Last Updated: March 30, 2022

Day Hike to Mt. Pamitinan

The underrated gem that is Rizal Province is quickly becoming a go-to destination in the Philippines. A mere two to three-hour drive from Metro Manila, travelers are finally discovering its lush environment. Lying on the northeastern shore of Laguna de Bay and perched on the western slopes of the Sierra Madre mountain range, the province of Rizal has a lot of outdoorsy fun to offer. It’s also a great destination for quick trips and day hikes, and the best introduction is Mt. Pamitinan.

Sierra Madre Mountain Range

Sierra Madre Mountain Range. Photo by jojo nicdao on / CC BY

About Mt. Pamitinan

Mt. Pamitinan is located in Rodriguez Town (also known as Montalban colloquially) in the province of Rizal. This town is rich in many hiking destinations, all of which rewarding hikers with scenic panoramic views of the cities down below. It’s one of three favorites in the area, together with Mt. Binacayan and Hapunang Banoi. These karst mountains border Wawa Dam, which is a worthwhile side trip after the hike.

The peak of Mt. Pimitinan rises 426 meters above sea level. It’s made of limestone and can be tricky with sharp rocks and boulders, but it’s a good experience for beginner hikers. It’s rated a 3/9 difficulty and will take anywhere from one to three hours to climb to the peak, depending on your fitness level.

How to get to Mt. Pamitinan

There are several ways to get here, but the easiest way is:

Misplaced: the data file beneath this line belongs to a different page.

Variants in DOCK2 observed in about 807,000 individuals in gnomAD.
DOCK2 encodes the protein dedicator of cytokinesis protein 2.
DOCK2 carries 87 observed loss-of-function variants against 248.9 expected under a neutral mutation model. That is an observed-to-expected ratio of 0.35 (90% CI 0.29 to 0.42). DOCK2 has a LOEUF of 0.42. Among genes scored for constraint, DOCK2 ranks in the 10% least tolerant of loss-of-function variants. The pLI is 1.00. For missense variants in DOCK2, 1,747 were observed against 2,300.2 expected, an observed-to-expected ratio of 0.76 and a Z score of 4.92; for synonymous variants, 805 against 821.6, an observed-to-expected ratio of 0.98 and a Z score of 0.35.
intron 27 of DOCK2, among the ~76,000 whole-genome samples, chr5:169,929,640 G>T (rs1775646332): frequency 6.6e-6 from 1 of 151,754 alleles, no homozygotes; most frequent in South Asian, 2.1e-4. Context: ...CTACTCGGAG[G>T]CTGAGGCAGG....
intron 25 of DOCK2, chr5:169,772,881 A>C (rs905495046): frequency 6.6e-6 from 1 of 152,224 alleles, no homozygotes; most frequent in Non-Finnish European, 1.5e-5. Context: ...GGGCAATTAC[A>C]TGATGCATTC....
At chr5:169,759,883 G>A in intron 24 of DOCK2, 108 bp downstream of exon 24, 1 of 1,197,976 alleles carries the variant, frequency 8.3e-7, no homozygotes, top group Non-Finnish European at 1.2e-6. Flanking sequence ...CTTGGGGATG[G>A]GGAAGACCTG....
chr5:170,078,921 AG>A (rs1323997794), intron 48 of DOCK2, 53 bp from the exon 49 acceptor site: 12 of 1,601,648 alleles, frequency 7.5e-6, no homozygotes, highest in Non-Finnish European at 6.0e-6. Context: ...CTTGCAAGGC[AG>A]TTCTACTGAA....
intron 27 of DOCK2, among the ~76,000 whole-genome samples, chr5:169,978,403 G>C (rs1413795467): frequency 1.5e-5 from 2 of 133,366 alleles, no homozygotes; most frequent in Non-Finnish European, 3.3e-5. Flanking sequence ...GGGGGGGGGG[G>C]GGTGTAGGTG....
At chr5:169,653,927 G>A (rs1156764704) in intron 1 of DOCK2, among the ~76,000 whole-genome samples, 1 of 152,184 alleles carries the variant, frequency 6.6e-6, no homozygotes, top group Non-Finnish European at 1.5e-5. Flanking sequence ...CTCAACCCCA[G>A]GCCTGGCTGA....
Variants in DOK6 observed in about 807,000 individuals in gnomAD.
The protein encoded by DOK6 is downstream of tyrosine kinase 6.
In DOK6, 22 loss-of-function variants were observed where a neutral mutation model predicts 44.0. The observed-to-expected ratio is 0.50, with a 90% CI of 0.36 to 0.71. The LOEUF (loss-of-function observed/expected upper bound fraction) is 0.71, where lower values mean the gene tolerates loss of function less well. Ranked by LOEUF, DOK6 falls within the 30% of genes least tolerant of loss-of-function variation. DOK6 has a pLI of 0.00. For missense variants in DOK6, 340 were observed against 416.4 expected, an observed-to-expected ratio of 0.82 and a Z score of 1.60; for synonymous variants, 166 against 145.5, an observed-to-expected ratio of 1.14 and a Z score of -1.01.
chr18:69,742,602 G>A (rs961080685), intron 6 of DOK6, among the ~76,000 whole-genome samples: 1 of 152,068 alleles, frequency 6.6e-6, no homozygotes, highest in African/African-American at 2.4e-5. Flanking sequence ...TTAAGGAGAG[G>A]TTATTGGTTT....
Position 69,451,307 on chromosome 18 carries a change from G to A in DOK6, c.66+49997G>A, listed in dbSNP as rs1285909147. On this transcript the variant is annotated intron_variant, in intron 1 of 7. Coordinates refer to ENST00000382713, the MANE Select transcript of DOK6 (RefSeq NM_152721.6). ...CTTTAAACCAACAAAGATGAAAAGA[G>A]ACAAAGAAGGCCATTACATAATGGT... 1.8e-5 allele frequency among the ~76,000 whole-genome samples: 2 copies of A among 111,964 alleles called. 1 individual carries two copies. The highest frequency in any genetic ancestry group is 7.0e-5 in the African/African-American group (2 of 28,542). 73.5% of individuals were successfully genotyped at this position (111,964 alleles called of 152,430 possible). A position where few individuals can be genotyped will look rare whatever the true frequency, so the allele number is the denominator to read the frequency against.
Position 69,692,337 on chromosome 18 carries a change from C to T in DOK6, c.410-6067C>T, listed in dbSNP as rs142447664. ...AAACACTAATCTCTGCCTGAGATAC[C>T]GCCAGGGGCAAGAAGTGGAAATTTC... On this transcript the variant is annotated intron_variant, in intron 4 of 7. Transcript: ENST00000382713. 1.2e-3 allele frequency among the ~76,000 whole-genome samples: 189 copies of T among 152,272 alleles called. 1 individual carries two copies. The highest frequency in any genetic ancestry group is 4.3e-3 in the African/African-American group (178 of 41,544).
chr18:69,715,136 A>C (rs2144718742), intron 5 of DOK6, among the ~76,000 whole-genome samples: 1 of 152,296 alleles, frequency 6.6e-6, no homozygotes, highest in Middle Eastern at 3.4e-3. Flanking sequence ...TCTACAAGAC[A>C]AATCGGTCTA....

• Look for the Cubao UV Express Van station in front of Jollibee Farmers Market
  • Take a van headed for Montalban(Rodriguez)-Eastwood route
  • Alight at Eastwood Subdivision
  • Take a tricycle to the Department of Environment and Natural Resources (DENR), which is where you will register for your climb to Mt. Pamitinan

Before the hike

While the climb to the peak is fairly manageable, much care and focus is needed on this karst mountain. Here are some quick tips to remember:
  • Guides are required on the hike. Guides are assigned as you register, but there are only a few of them on rotation. Below are some of the numbers you may call directly to book your slot in advance:
    • Kuya Ronnie (Guide): +639072395042
    • Kuya Emman (Guide): +639493956589
    • Kuya Ogie (Guide): +639473868778
    • Kuya Richard (Guide): +639983266559
    • Kuya Joni (Barangay Wawa Official): +639295497211
    • Note: “Kuya” literally means “older brother”, but it’s a term used when referring to male strangers as a sign of respect
  • Things to bring:
    • At least 3 liters of water as there is no water source on Mt. Pamitinan
    • Gloves because you’ll be climbing boulders and rocks with sharp edges
    • Trail food and packed lunch. There are small stores at the start of the trail, but food here is rarely nutritious or enough to fill you through the hike
    • Toiletries and medicines as necessary
    • Garbage bag to keep the surroundings clean
    • Sunblock, especially if you’re not used to Philippine heat
  • Useful information:
    • The DENR Office opens at 4:30 AM, so plan the start of your trip accordingly
    • There are showers or toilets at the jump-off point